Saturday, October 10, 2009
The Skinny On Round Valley Reservoir In The Fall
Round Valley, New Jersey's largest reservoir and second-largest body of water can be easily reached by taking Route 78. If coming from the west, take 78-East to exit 18, take 22-East and follow signs for Round Valley Recreation Area. If coming from the east, take 78-West to Exit 20-A, take 22 west, and once again, follow signs for the park. Parking, boat launch and an abundance of fishable shoreline can all be found at the recreation area.
The cool waters of Round Valley Reservoir cover over 2,000 acres and reach depths pushing 180 feet. It is the deepest lake in New Jersey. Round Valley has a naturally-reproducing lake trout population and is stocked several times a year with brown and rainbow trout by the NJDEP Division of Fish and Wildlife and the Round Valley Trout Association. Although rainbows and browns cannot naturally reproduce in Round Valley, the large number of "holdover" trout keeps the reservoir populated with them throughout the year.
It is important to note that Round Valley Reservoir has been designated as a Trophy Trout lake. Size regulations and creel limits on Trophy Trout lakes are more restrictive than on other bodies of water in New Jersey. There is no closed season for rainbow and brown trout on Round Valley, but all fish must be 15" and only 2 fish combined may be kept per person, per day. Only 1 lake trout of 20" or more can be kept per day, and no lake trout can be kept from September 15th to December 15th. Anyone fishing Round Valley Reservoir must have a valid NJ fishing license and persons possessing trout must also have a trout stamp.
Every year, while children are thinking about what they want to be for Halloween, the brown and rainbow trout of Round Valley are thinking about children. The problem is, however, that since no streams or creeks flow in or out of the big reservoir, they can't find a place to spawn. As a result, they spend long hours cruising the shoreline looking for a place to breed and are easily accessible to shore anglers. The movement of brown trout usually follows the movement of rainbows by a few weeks.
How To Catch Them
This angler initially failed miserably at his endeavor last year for one simple reason. Trout are line-shy. Using anything larger than 4-lb. test greatly reduces, or even eliminates your chance of catching a trout. I have learned to overcompensate for my previous inadequacies, and now use 4-lb. test fluorocarbon, which although a few bucks more, is virtually invisible underwater.
As far as catching them, there are a few simple and inexpensive methods that I use.
1)Spinners. My personal preferences are 1/8-oz. and 1/16-oz. Blue Fox, Panther Martin or Rooster Tails. There is really no trick to using a spinner. Cast it out. Reel it in. Change the speed of your retrieve and see what happens.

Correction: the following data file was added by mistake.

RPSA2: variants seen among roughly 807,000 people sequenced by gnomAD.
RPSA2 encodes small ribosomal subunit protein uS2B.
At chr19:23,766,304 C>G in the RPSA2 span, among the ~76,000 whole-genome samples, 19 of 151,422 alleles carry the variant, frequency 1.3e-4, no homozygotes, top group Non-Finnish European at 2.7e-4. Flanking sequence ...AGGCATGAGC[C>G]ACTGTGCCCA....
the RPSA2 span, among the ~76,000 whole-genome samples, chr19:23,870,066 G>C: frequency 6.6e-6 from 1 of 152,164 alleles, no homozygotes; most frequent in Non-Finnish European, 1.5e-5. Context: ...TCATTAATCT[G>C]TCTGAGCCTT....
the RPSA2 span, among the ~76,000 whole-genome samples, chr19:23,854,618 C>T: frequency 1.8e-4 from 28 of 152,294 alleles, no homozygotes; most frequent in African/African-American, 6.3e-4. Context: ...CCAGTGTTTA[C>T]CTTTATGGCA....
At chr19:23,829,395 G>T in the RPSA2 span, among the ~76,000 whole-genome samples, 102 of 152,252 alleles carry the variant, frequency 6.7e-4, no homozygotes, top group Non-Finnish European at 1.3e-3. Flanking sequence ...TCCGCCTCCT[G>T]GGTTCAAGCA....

2)Nightcrawers. Casting a whole nightcrawler on a #10 trout hook when they are visible from the shore is probably your best shot at catching one.
3)Power Bait. While casting spinners or crawlers, I usually have a light slip-sinker rig off the bottom with Berkeley Power bait. This is a tried and true way of catching trout.
As far as tackle is concerned, the lighter the better. If you have a light or ultra-light combo available, great. If not, my medium-action bass rods have done the trick.
Fly-fishing is one of the most well-known means of trout fishing. I'm hoping to put off opening that can of worms for as long as I can, or hopefully forever, so although there are many respectable authorities on fly-fishing, I am not one of them. As a matter of fact, unless it is absolutely necessary, this may be the last time that you will ever see me mention fly-fishing in my blog. One of the goals of my writing is the hope that I will teach somebody, something, anything, but if you are hoping to learn something about fly-fishing, I will tell you now that you are going to be disappointed. I truly admire this intricate art of angling and those who seek to master it, but I have enough trouble moderating my hobby as it is, and can't afford (both figuratively and literally) to embark on any new endeavors at this point in my life.
By all means, take one or two (at most, by law) home for the table, but remember that fisheries are delicate and their existence is dependent on our conservation practices. Fish being returned to the water should be quickly unhooked, photographed and released. If a fish is hooked deeply, cut the line and sacrifice your hook or spinner to give it a better chance of survival. NEVER use stainless steel hooks.
It would be my absolute pleasure if someone reads this, and in turn catches a trout. Even if you are not a fisherman, Round Valley Reservoir is a breathtaking piece of scenery to behold. Its clear water instantly makes an impression, and its sheer size is something that you may never forget. Always bear in mind that the survival of such treasures is in our hands